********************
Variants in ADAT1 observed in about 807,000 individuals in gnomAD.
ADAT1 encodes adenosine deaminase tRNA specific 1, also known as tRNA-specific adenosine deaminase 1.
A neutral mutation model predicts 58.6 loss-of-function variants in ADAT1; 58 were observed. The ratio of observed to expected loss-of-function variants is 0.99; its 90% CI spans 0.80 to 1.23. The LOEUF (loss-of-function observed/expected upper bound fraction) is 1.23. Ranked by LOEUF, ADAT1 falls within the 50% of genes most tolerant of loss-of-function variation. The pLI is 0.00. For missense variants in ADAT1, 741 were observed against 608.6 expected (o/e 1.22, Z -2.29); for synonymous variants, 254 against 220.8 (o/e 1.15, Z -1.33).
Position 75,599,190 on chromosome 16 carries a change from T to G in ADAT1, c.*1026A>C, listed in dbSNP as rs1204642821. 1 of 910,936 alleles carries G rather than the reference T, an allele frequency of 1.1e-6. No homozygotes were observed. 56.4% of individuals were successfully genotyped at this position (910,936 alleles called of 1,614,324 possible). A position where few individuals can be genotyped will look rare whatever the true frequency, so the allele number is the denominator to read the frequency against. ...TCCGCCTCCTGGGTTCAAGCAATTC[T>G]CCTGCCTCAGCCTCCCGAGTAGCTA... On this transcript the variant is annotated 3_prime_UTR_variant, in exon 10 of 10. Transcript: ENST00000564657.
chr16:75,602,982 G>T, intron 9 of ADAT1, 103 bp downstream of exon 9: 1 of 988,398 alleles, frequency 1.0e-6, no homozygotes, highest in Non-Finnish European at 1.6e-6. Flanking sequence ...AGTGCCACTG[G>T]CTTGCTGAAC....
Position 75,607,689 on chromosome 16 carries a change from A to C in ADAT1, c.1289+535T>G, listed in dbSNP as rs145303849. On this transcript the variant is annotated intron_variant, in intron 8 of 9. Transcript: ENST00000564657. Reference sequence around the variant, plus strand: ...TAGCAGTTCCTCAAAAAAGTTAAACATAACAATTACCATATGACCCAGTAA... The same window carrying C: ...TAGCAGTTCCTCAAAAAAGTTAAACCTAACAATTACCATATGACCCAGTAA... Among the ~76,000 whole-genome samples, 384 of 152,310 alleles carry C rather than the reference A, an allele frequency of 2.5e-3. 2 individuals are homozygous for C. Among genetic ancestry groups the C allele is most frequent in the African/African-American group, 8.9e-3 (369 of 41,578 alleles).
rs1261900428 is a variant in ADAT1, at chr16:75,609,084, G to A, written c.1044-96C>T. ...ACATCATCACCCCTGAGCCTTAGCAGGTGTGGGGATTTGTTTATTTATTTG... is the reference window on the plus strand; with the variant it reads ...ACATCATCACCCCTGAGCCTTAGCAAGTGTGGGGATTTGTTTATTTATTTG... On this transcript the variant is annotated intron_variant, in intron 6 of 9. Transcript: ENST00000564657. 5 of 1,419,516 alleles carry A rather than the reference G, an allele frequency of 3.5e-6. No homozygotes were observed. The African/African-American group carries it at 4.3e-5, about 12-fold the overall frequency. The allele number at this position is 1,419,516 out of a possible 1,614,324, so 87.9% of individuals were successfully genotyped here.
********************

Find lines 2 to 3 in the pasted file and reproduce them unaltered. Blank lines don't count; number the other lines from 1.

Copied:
ADAT1 encodes adenosine deaminase tRNA specific 1, also known as tRNA-specific adenosine deaminase 1.
A neutral mutation model predicts 58.6 loss-of-function variants in ADAT1; 58 were observed. The ratio of observed to expected loss-of-function variants is 0.99; its 90% CI spans 0.80 to 1.23. The LOEUF (loss-of-function observed/expected upper bound fraction) is 1.23. Ranked by LOEUF, ADAT1 falls within the 50% of genes most tolerant of loss-of-function variation. The pLI is 0.00. For missense variants in ADAT1, 741 were observed against 608.6 expected (o/e 1.22, Z -2.29); for synonymous variants, 254 against 220.8 (o/e 1.15, Z -1.33).